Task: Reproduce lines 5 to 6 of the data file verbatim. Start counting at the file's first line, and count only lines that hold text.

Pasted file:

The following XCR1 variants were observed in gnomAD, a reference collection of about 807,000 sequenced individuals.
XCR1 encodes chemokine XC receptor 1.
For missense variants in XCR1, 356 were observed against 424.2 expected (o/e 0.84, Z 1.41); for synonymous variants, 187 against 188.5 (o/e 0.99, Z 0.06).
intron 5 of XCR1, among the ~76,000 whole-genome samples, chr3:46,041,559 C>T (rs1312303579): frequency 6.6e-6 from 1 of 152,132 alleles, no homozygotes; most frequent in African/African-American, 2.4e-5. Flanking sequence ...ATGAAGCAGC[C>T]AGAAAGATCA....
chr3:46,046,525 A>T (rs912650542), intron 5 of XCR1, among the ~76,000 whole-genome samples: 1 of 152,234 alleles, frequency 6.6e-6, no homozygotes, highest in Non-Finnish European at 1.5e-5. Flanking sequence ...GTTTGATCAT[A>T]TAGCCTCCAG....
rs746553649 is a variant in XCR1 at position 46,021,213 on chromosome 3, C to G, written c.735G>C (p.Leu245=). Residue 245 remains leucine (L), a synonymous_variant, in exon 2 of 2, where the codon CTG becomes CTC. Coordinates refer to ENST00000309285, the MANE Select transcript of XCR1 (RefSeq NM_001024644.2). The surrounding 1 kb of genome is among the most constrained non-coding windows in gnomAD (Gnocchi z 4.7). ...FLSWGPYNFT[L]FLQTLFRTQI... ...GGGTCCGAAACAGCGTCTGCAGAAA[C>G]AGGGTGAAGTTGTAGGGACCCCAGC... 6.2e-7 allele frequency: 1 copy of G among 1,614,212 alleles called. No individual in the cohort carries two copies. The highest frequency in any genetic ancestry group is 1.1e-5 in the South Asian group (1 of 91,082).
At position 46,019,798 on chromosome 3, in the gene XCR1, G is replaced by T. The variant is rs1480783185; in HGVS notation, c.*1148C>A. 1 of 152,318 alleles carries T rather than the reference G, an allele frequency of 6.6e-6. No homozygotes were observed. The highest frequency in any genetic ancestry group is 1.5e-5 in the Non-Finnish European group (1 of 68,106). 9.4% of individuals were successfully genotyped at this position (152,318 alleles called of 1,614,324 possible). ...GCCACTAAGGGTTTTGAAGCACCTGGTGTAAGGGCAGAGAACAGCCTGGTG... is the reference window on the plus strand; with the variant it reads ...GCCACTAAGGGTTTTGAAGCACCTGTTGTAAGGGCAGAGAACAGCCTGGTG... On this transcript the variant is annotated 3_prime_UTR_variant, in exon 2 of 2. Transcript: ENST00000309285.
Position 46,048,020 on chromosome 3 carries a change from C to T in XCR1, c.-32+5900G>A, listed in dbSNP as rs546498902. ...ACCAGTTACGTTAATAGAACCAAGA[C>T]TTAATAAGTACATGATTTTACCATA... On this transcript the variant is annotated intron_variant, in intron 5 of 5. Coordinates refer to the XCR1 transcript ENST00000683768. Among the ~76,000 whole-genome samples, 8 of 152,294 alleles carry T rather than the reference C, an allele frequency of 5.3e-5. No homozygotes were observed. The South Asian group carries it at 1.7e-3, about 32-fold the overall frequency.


chr3:46,046,525 A>T (rs912650542), intron 5 of XCR1, among the ~76,000 whole-genome samples: 1 of 152,234 alleles, frequency 6.6e-6, no homozygotes, highest in Non-Finnish European at 1.5e-5. Flanking sequence ...GTTTGATCAT[A>T]TAGCCTCCAG....
rs746553649 is a variant in XCR1 at position 46,021,213 on chromosome 3, C to G, written c.735G>C (p.Leu245=). Residue 245 remains leucine (L), a synonymous_variant, in exon 2 of 2, where the codon CTG becomes CTC. Coordinates refer to ENST00000309285, the MANE Select transcript of XCR1 (RefSeq NM_001024644.2). The surrounding 1 kb of genome is among the most constrained non-coding windows in gnomAD (Gnocchi z 4.7). ...FLSWGPYNFT[L]FLQTLFRTQI... ...GGGTCCGAAACAGCGTCTGCAGAAA[C>G]AGGGTGAAGTTGTAGGGACCCCAGC... 6.2e-7 allele frequency: 1 copy of G among 1,614,212 alleles called. No individual in the cohort carries two copies. The highest frequency in any genetic ancestry group is 1.1e-5 in the South Asian group (1 of 91,082).